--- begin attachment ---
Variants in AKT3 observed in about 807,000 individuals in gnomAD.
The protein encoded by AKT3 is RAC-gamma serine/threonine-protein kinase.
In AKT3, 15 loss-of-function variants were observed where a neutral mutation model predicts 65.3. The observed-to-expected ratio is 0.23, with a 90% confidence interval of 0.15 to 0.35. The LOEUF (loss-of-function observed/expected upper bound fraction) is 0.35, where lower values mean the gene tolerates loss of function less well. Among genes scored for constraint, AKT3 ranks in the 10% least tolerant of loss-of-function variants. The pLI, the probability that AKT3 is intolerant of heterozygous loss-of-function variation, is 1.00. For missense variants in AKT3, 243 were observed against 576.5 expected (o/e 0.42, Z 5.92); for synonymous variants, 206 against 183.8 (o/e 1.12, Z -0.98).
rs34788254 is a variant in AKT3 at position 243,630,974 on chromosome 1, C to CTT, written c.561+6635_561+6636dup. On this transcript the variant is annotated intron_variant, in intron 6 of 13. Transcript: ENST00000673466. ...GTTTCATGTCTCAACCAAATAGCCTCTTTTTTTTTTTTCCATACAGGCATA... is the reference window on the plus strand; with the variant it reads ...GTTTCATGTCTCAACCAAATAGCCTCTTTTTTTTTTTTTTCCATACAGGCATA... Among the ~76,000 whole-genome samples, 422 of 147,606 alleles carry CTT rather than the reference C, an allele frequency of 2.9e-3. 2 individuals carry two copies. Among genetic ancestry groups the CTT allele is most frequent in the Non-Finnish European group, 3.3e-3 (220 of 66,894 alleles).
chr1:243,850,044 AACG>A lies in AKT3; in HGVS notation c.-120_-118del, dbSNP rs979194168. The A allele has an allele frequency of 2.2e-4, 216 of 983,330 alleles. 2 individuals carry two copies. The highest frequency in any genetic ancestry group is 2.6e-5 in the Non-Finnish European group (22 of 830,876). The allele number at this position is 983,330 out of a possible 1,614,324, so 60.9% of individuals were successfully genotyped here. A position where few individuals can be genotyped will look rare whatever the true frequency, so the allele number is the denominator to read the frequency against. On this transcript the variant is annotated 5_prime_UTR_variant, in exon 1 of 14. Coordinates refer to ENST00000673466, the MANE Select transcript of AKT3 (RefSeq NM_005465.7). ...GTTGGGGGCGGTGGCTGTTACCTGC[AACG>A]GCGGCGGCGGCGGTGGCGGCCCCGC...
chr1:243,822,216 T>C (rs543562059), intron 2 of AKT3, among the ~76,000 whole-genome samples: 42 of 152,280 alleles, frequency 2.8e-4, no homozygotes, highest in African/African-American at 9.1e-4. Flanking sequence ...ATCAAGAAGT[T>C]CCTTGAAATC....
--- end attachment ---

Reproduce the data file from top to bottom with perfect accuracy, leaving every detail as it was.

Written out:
Variants in AKT3 observed in about 807,000 individuals in gnomAD.
The protein encoded by AKT3 is RAC-gamma serine/threonine-protein kinase.
In AKT3, 15 loss-of-function variants were observed where a neutral mutation model predicts 65.3. The observed-to-expected ratio is 0.23, with a 90% confidence interval of 0.15 to 0.35. The LOEUF (loss-of-function observed/expected upper bound fraction) is 0.35, where lower values mean the gene tolerates loss of function less well. Among genes scored for constraint, AKT3 ranks in the 10% least tolerant of loss-of-function variants. The pLI, the probability that AKT3 is intolerant of heterozygous loss-of-function variation, is 1.00. For missense variants in AKT3, 243 were observed against 576.5 expected (o/e 0.42, Z 5.92); for synonymous variants, 206 against 183.8 (o/e 1.12, Z -0.98).
rs34788254 is a variant in AKT3 at position 243,630,974 on chromosome 1, C to CTT, written c.561+6635_561+6636dup. On this transcript the variant is annotated intron_variant, in intron 6 of 13. Transcript: ENST00000673466. ...GTTTCATGTCTCAACCAAATAGCCTCTTTTTTTTTTTTCCATACAGGCATA... is the reference window on the plus strand; with the variant it reads ...GTTTCATGTCTCAACCAAATAGCCTCTTTTTTTTTTTTTTCCATACAGGCATA... Among the ~76,000 whole-genome samples, 422 of 147,606 alleles carry CTT rather than the reference C, an allele frequency of 2.9e-3. 2 individuals carry two copies. Among genetic ancestry groups the CTT allele is most frequent in the Non-Finnish European group, 3.3e-3 (220 of 66,894 alleles).
chr1:243,850,044 AACG>A lies in AKT3; in HGVS notation c.-120_-118del, dbSNP rs979194168. The A allele has an allele frequency of 2.2e-4, 216 of 983,330 alleles. 2 individuals carry two copies. The highest frequency in any genetic ancestry group is 2.6e-5 in the Non-Finnish European group (22 of 830,876). The allele number at this position is 983,330 out of a possible 1,614,324, so 60.9% of individuals were successfully genotyped here. A position where few individuals can be genotyped will look rare whatever the true frequency, so the allele number is the denominator to read the frequency against. On this transcript the variant is annotated 5_prime_UTR_variant, in exon 1 of 14. Coordinates refer to ENST00000673466, the MANE Select transcript of AKT3 (RefSeq NM_005465.7). ...GTTGGGGGCGGTGGCTGTTACCTGC[AACG>A]GCGGCGGCGGCGGTGGCGGCCCCGC...
chr1:243,822,216 T>C (rs543562059), intron 2 of AKT3, among the ~76,000 whole-genome samples: 42 of 152,280 alleles, frequency 2.8e-4, no homozygotes, highest in African/African-American at 9.1e-4. Flanking sequence ...ATCAAGAAGT[T>C]CCTTGAAATC....